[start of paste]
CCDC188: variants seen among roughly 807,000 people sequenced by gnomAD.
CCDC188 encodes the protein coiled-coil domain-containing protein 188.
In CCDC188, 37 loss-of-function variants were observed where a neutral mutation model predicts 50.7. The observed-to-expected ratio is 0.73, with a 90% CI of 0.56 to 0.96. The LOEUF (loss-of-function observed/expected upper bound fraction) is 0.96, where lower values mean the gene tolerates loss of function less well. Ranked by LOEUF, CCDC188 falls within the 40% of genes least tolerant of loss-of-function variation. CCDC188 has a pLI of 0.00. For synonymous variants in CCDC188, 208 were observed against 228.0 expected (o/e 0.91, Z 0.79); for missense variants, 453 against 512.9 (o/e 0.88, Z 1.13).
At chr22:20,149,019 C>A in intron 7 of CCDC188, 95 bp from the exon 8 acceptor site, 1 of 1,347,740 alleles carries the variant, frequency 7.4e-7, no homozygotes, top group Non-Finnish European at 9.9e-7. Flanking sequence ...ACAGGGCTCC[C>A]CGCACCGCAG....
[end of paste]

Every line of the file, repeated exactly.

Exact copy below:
CCDC188: variants seen among roughly 807,000 people sequenced by gnomAD.
CCDC188 encodes the protein coiled-coil domain-containing protein 188.
In CCDC188, 37 loss-of-function variants were observed where a neutral mutation model predicts 50.7. The observed-to-expected ratio is 0.73, with a 90% CI of 0.56 to 0.96. The LOEUF (loss-of-function observed/expected upper bound fraction) is 0.96, where lower values mean the gene tolerates loss of function less well. Ranked by LOEUF, CCDC188 falls within the 40% of genes least tolerant of loss-of-function variation. CCDC188 has a pLI of 0.00. For synonymous variants in CCDC188, 208 were observed against 228.0 expected (o/e 0.91, Z 0.79); for missense variants, 453 against 512.9 (o/e 0.88, Z 1.13).
At chr22:20,149,019 C>A in intron 7 of CCDC188, 95 bp from the exon 8 acceptor site, 1 of 1,347,740 alleles carries the variant, frequency 7.4e-7, no homozygotes, top group Non-Finnish European at 9.9e-7. Flanking sequence ...ACAGGGCTCC[C>A]CGCACCGCAG....